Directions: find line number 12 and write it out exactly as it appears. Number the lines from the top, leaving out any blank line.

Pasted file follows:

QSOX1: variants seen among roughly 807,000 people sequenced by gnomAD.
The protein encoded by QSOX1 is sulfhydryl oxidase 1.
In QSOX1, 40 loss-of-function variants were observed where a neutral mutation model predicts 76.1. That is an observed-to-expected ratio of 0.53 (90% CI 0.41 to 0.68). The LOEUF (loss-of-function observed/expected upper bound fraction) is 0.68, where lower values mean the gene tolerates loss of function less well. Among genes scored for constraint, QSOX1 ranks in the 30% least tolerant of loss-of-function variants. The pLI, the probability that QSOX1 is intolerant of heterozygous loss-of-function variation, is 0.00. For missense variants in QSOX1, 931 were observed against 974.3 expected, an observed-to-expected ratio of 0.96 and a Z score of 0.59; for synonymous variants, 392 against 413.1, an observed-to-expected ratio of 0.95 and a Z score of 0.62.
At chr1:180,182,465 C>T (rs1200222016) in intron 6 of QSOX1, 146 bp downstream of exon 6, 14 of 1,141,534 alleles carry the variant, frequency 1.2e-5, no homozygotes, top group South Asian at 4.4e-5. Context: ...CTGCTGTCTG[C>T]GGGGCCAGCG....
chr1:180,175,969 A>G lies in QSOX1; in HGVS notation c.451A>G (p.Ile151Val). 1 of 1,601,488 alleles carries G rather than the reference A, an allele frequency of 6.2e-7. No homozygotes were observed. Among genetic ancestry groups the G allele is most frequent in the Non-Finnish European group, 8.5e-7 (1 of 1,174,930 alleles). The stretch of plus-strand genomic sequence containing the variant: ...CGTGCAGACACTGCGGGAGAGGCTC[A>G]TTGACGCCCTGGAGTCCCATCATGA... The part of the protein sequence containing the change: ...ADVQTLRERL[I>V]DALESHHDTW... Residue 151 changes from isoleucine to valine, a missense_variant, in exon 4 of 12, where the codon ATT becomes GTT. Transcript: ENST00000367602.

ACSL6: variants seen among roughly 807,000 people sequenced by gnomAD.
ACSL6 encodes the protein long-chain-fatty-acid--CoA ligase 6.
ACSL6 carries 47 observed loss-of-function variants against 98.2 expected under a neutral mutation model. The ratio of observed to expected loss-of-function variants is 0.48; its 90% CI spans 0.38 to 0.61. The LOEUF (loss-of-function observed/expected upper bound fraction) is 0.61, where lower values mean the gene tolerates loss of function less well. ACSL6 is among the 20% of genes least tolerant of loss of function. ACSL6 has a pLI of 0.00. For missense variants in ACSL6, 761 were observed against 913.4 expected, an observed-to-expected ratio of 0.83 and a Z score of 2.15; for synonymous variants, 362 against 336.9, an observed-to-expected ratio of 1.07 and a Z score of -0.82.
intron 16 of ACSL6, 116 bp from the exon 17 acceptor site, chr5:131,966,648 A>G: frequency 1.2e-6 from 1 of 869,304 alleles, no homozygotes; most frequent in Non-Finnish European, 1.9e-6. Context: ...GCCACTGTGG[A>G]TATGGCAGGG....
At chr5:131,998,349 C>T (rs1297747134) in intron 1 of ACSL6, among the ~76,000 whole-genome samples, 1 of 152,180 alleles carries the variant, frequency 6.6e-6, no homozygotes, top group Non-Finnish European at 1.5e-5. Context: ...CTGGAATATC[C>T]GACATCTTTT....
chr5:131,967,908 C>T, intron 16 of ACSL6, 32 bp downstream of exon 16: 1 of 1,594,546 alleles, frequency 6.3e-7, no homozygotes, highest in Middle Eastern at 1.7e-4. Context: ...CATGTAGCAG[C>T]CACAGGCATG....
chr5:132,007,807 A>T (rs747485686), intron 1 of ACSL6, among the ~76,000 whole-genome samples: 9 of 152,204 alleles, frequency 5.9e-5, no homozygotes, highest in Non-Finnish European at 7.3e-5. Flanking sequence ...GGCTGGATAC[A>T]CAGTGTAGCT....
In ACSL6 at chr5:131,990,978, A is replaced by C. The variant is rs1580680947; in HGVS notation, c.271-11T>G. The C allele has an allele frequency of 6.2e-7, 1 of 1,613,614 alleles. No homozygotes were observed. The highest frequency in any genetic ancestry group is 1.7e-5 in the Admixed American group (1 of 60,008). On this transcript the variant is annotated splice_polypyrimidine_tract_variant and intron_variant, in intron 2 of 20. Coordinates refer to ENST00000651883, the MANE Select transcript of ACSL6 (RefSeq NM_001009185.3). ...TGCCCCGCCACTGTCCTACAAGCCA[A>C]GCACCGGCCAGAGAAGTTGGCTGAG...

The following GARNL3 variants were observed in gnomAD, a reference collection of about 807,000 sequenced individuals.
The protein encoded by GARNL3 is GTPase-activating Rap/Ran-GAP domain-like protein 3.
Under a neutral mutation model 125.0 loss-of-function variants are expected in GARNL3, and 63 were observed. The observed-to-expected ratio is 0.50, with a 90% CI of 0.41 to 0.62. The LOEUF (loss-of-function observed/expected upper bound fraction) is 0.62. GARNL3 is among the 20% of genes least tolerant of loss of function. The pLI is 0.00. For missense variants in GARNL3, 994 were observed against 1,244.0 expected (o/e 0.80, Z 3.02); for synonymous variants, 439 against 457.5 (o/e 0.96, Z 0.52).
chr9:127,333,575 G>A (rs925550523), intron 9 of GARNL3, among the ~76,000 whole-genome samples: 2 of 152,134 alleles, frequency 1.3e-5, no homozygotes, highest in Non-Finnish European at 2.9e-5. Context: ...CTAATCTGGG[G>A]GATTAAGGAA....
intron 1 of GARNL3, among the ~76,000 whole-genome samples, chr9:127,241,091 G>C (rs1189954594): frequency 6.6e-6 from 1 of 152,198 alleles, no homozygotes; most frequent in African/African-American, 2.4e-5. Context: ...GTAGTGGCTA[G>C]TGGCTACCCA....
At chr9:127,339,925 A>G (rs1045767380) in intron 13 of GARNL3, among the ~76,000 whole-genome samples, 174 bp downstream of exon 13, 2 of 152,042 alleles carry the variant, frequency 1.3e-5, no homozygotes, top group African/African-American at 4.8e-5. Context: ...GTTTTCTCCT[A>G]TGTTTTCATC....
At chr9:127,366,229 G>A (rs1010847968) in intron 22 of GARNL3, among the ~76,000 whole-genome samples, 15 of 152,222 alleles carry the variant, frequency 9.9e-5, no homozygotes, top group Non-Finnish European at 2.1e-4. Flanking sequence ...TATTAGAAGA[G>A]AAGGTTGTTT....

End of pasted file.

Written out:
chr5:132,007,807 A>T (rs747485686), intron 1 of ACSL6, among the ~76,000 whole-genome samples: 9 of 152,204 alleles, frequency 5.9e-5, no homozygotes, highest in Non-Finnish European at 7.3e-5. Flanking sequence ...GGCTGGATAC[A>T]CAGTGTAGCT....